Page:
Stressing the bottom line


The IoD attempts to grasp the nettle of mental health at work

The recent IoD policy report into mental health in the workplace is another welcome indicator that the conversation around mental health is starting to gather momentum.  They are to be applauded for grasping the nettle.  As they rightly state there is both a moral and a business case for workplace mental health provision with the socio-economic costs of mental ill health in London alone estimated at £26 billion annually.

Mind The Gap

Around 1 in 6 UK adults feel the effects of a common mental health disorder each week – 10 times greater than the number of people who attend a professional football match.  72% of employers state that they would refer a colleague with a mental health problem to their GP.  Yet the view from the charity MIND that GPs are not as effective as they should be in managing mental health problems gives cause for concern.  As an experienced GP, having worked in hospital psychiatry and at the coal-face of primary care for many years, these assertions need some qualification.  The majority of GPs are keen and highly trained to accurately diagnose and manage mental health problems and mental illness represents a huge proportion of general practice consultations. GPs find themselves caring for a number of patients with mental health problems, but a lack of funding leads to excessive waiting times for psychological therapies which are approved by the National Institute of Clinical Excellence for their treatment.   This leaves a gap in provision, and one that employers should play more of an active role in providing.

Beware Compartment Syndrome

The IoD report also rightly highlights the need for a “whole-life” approach towards good workplace mental health. In my experience, it is imperative to recognise the importance of non-work stressors and give people effective tools to manage these too. We must be careful not to compartmentalise work and non-work stress. It’s the same person – the two are inter-related and each has the potential for spill-over.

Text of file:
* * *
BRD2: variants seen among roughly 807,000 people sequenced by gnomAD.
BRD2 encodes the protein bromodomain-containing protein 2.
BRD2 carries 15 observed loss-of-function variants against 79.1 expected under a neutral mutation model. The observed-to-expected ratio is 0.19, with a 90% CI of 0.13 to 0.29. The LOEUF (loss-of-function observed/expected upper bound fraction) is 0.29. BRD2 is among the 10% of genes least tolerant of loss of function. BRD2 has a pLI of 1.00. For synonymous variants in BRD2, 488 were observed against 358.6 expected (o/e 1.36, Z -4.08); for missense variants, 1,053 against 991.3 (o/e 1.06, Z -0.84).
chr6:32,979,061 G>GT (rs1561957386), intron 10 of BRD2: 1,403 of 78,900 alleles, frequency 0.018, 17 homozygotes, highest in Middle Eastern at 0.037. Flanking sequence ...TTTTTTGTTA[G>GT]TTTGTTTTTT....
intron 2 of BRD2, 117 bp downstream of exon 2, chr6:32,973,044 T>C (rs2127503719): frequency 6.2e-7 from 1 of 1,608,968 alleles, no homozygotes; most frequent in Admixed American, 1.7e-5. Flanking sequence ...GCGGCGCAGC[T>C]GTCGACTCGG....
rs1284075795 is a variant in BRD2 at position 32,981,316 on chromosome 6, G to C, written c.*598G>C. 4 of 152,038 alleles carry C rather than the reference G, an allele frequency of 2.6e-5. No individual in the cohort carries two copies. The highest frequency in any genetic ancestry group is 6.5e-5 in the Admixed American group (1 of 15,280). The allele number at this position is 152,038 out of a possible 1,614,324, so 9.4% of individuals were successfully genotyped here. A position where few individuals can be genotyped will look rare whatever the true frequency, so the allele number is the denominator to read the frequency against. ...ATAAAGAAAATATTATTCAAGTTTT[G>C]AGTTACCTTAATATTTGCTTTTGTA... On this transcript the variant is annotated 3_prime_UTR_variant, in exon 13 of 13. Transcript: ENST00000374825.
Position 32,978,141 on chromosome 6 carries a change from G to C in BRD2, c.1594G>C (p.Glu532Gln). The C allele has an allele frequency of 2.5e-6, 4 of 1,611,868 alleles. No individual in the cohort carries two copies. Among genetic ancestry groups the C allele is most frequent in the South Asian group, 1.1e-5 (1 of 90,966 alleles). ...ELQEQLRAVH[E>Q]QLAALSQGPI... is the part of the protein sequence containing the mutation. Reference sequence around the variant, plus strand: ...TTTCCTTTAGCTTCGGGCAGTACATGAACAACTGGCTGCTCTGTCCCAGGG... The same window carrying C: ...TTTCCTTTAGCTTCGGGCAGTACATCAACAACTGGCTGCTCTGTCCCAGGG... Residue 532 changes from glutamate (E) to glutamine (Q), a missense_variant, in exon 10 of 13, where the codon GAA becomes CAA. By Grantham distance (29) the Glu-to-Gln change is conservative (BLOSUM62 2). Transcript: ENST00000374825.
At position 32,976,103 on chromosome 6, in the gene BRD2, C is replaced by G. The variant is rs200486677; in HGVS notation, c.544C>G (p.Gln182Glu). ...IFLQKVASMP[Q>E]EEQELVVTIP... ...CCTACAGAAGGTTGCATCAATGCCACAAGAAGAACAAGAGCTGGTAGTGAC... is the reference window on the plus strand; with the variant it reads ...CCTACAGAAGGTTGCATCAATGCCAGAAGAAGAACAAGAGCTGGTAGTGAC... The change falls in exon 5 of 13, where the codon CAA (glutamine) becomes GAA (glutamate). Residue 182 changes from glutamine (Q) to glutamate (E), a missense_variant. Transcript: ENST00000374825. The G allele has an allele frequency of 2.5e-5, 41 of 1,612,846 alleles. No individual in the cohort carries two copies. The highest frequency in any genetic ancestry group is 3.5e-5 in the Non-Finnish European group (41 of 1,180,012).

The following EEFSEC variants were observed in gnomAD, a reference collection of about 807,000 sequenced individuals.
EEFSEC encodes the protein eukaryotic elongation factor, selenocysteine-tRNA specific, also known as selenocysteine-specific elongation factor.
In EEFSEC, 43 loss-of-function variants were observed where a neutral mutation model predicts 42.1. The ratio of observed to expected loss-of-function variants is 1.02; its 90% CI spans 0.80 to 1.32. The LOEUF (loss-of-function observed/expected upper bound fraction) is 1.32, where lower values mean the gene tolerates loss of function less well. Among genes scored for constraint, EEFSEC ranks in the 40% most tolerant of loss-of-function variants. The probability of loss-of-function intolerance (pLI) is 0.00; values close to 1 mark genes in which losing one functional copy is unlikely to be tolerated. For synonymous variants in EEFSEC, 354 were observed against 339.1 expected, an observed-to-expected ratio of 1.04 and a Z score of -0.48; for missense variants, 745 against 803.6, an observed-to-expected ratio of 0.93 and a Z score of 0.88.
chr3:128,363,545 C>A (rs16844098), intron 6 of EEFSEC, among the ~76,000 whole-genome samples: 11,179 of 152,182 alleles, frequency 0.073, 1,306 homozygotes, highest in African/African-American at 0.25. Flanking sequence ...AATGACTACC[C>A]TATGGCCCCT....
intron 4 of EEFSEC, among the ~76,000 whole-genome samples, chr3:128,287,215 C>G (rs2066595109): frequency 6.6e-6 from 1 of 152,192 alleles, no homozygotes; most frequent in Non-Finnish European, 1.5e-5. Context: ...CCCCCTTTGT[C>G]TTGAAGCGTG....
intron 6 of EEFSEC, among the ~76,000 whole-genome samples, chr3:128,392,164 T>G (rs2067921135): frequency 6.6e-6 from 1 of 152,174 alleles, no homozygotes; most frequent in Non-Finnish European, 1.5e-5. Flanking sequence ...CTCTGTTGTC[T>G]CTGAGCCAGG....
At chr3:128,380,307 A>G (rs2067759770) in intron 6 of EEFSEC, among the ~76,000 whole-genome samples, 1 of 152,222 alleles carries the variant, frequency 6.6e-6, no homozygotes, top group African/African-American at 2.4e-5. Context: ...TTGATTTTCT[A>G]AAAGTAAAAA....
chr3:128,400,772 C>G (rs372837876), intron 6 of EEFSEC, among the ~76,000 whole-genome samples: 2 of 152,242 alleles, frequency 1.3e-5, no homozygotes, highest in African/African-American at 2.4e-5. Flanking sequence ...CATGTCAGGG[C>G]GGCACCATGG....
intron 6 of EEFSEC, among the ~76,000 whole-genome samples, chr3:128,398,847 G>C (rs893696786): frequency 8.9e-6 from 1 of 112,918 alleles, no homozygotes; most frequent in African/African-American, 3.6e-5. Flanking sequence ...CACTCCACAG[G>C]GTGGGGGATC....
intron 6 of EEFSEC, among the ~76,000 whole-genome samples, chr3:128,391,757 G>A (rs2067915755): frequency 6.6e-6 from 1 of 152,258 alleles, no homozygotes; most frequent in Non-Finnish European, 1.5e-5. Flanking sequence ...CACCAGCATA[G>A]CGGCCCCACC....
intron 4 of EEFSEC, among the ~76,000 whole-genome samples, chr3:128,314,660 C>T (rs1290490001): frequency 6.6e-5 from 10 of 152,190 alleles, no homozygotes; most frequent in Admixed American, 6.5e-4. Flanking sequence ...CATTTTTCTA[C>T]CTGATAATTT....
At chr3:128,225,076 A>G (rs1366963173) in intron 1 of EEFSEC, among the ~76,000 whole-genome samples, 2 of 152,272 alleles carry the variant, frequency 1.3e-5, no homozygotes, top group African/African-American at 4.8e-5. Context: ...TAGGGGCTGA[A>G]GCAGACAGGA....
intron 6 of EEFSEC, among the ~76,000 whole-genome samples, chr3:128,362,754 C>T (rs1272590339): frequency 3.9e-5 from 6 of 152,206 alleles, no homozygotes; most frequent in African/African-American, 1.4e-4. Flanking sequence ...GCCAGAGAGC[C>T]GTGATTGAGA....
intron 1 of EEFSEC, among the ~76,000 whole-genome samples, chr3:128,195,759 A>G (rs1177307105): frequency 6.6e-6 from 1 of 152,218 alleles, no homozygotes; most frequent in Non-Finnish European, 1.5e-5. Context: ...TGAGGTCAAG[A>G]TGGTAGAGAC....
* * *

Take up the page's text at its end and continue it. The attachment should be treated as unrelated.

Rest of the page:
Mind AND Body

The report also argues that physical health is easier to plan for than mental health and this is indeed often the case. However, physical and mental health are intricately linked.  We know that mental health problems often present with physical symptoms and that long-term physical conditions carry an increased risk of mental illness. Too many organisations are failing to ensure that their people practically and effectively address the physical aspects of good health which underpin performance and robust mental health. All too often interventions only focus on avoiding negative outcomessuch as sickness absence and attrition or are guilty of “free fruit” tokenism.  They fall short of providing people with an evidence-based toolkit which enables them to be ready to perform both physically and mentally. With increasing pressures on the NHS and reduced capacity to deliver the kind of support and care that is needed in a timely way, enlightened organisations need to find ways to provide additional effective support.  This is not altruism, it’s in their own interests.

Stressing… the evidence

The IoD makes some sensible recommendations that business leaders institute formal mental health and wellbeing policies and that mental health advocates in top teams ensure that mental health openness is culturally installed across organisations.